Saturday, March 6, 2010

A Witness and a Warning

Nothing good every comes from being awoken from a sound sleep at 3 o'clock in the morning. And the phrase "I have some bad news" or "a tsunami is coming" really puts a strong emphasis on that point. I missed taking early morning shots of everyone milling around up at Makakilo park at 5 in the morning, mostly because I was still so tired and was nearing the ever allusive REM sleep when a knock on my door woke me.

We had set up our little band of tsunami-ites near the bus stop area. Traffic was starting to build as more and more people made their way from the lower shoreline and up the hill. Sitting on blankets that were spread out on the cold grass, I tried to grab a few minutes of sleep. But something about sleeping on the cold, hard ground just wasn't working for me. I remember thinking as I looked out at the homes across the street from the park, "Man are those people going to be surprised when they look out their doors and windows to see all of us sleeping at the park!"

As the early hours weened on, I surveyed my fellow evacuee's; the thought of "displaced refugees" came to mind. It was a cold, silent morning as rows of colored blankets and pillows covered the ground beneath the swings and overflowed onto the playground. You almost didn't notice that there were several families already there because it was so quiet. It made me wonder, if the tsunami does hit, then how long? How long would be here? Days? Weeks? Would they relocate us to a shelter? I tried to calm my mind, keep my thoughts from frantically running away. I kept an eye on the slow rising sun and wondered how the morning would unfold. Breakfast was fast approaching.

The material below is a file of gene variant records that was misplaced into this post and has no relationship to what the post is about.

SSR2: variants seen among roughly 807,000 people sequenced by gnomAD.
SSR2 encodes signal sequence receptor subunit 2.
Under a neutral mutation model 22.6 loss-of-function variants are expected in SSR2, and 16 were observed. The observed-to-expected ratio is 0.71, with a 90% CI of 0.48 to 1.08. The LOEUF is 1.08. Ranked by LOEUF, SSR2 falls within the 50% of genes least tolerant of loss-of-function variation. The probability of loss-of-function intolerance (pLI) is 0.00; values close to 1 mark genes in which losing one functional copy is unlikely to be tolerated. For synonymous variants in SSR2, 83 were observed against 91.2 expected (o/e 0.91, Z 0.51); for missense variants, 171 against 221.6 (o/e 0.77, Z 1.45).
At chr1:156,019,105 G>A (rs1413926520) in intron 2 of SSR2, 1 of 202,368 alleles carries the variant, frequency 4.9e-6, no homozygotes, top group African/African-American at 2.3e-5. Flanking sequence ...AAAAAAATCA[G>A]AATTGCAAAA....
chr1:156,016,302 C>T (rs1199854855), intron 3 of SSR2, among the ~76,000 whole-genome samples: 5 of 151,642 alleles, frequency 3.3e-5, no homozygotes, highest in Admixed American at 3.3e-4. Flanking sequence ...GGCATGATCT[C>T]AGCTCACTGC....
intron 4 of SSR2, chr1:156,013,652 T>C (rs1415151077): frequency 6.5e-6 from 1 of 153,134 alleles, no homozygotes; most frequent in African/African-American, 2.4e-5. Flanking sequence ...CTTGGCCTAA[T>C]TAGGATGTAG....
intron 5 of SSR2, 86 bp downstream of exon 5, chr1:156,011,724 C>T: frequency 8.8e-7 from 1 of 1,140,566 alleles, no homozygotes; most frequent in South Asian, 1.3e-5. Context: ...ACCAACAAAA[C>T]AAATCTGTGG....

As morning gained a foothold on the day, I watched a few more trucks and vans pull up on the grassy area and set up tents and grills. We would all be here for the duration . . . however long that would be. The radio station kept us updated on the tsunami. They had estimated the tsunami's arrival around 11:30 am, it would hit Hilo first and then Oahu. As it neared the arrival time, we all headed up to the back of the park that had an unobstructed view of the ocean.
When the hour arrived and then past, I breathed a sigh of relief. But I still couldn't shake the feeling that this was a warning of "things yet to come". I'm sure there are those who probably saw this whole evacuation event as a waste of time and money, but it's no longer a matter of "if" but "when". It behooves us all to have our house in order, to be prepared. I don't mind telling you that the ordeal has put me in a different frame of mind. I'm not sure what frame of mind that is, but it's not the "let's wait and see".


Brenda said...

A lot of the recent natural disasters have made me think about the things in my life that need to be put in order. Definitely a wake up call for all of us who have become passive.

IWA (e - va) said...

The theme of this month has become "Get prepared" for our family... we were so lucky (and grateful) that the Tsunami didnt cause any big damage because we were not prepared at all... in almost every single way.

Anonymous said...

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